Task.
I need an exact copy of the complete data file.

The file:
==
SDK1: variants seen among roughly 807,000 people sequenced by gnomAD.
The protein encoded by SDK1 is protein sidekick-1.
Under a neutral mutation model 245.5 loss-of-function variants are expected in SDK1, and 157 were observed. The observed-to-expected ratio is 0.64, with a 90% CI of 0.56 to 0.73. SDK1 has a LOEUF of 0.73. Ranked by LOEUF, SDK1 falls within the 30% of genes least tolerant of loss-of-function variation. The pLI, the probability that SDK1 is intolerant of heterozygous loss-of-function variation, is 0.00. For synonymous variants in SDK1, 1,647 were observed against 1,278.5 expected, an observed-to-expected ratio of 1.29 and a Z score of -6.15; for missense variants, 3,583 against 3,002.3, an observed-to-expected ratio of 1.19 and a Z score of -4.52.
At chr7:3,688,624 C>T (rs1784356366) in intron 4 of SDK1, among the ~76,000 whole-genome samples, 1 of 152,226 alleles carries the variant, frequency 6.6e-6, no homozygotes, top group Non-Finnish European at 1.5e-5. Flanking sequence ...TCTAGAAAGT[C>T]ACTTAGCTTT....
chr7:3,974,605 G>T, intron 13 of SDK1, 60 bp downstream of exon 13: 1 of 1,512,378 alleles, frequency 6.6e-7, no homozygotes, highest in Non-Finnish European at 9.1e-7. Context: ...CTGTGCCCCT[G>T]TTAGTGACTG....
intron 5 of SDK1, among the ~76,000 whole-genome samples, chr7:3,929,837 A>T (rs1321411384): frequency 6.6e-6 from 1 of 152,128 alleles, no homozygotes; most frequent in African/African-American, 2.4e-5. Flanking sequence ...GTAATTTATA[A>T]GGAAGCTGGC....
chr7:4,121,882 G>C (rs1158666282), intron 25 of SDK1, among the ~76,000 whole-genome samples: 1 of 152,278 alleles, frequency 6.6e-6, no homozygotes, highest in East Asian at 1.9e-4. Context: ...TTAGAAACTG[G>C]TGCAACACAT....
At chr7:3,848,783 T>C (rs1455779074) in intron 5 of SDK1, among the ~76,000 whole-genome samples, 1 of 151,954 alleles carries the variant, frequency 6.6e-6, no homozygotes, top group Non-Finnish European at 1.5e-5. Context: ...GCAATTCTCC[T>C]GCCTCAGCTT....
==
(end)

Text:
SDK1: variants seen among roughly 807,000 people sequenced by gnomAD.
The protein encoded by SDK1 is protein sidekick-1.
Under a neutral mutation model 245.5 loss-of-function variants are expected in SDK1, and 157 were observed. The observed-to-expected ratio is 0.64, with a 90% CI of 0.56 to 0.73. SDK1 has a LOEUF of 0.73. Ranked by LOEUF, SDK1 falls within the 30% of genes least tolerant of loss-of-function variation. The pLI, the probability that SDK1 is intolerant of heterozygous loss-of-function variation, is 0.00. For synonymous variants in SDK1, 1,647 were observed against 1,278.5 expected, an observed-to-expected ratio of 1.29 and a Z score of -6.15; for missense variants, 3,583 against 3,002.3, an observed-to-expected ratio of 1.19 and a Z score of -4.52.
At chr7:3,688,624 C>T (rs1784356366) in intron 4 of SDK1, among the ~76,000 whole-genome samples, 1 of 152,226 alleles carries the variant, frequency 6.6e-6, no homozygotes, top group Non-Finnish European at 1.5e-5. Flanking sequence ...TCTAGAAAGT[C>T]ACTTAGCTTT....
chr7:3,974,605 G>T, intron 13 of SDK1, 60 bp downstream of exon 13: 1 of 1,512,378 alleles, frequency 6.6e-7, no homozygotes, highest in Non-Finnish European at 9.1e-7. Context: ...CTGTGCCCCT[G>T]TTAGTGACTG....
intron 5 of SDK1, among the ~76,000 whole-genome samples, chr7:3,929,837 A>T (rs1321411384): frequency 6.6e-6 from 1 of 152,128 alleles, no homozygotes; most frequent in African/African-American, 2.4e-5. Flanking sequence ...GTAATTTATA[A>T]GGAAGCTGGC....
chr7:4,121,882 G>C (rs1158666282), intron 25 of SDK1, among the ~76,000 whole-genome samples: 1 of 152,278 alleles, frequency 6.6e-6, no homozygotes, highest in East Asian at 1.9e-4. Context: ...TTAGAAACTG[G>C]TGCAACACAT....
At chr7:3,848,783 T>C (rs1455779074) in intron 5 of SDK1, among the ~76,000 whole-genome samples, 1 of 151,954 alleles carries the variant, frequency 6.6e-6, no homozygotes, top group Non-Finnish European at 1.5e-5. Context: ...GCAATTCTCC[T>C]GCCTCAGCTT....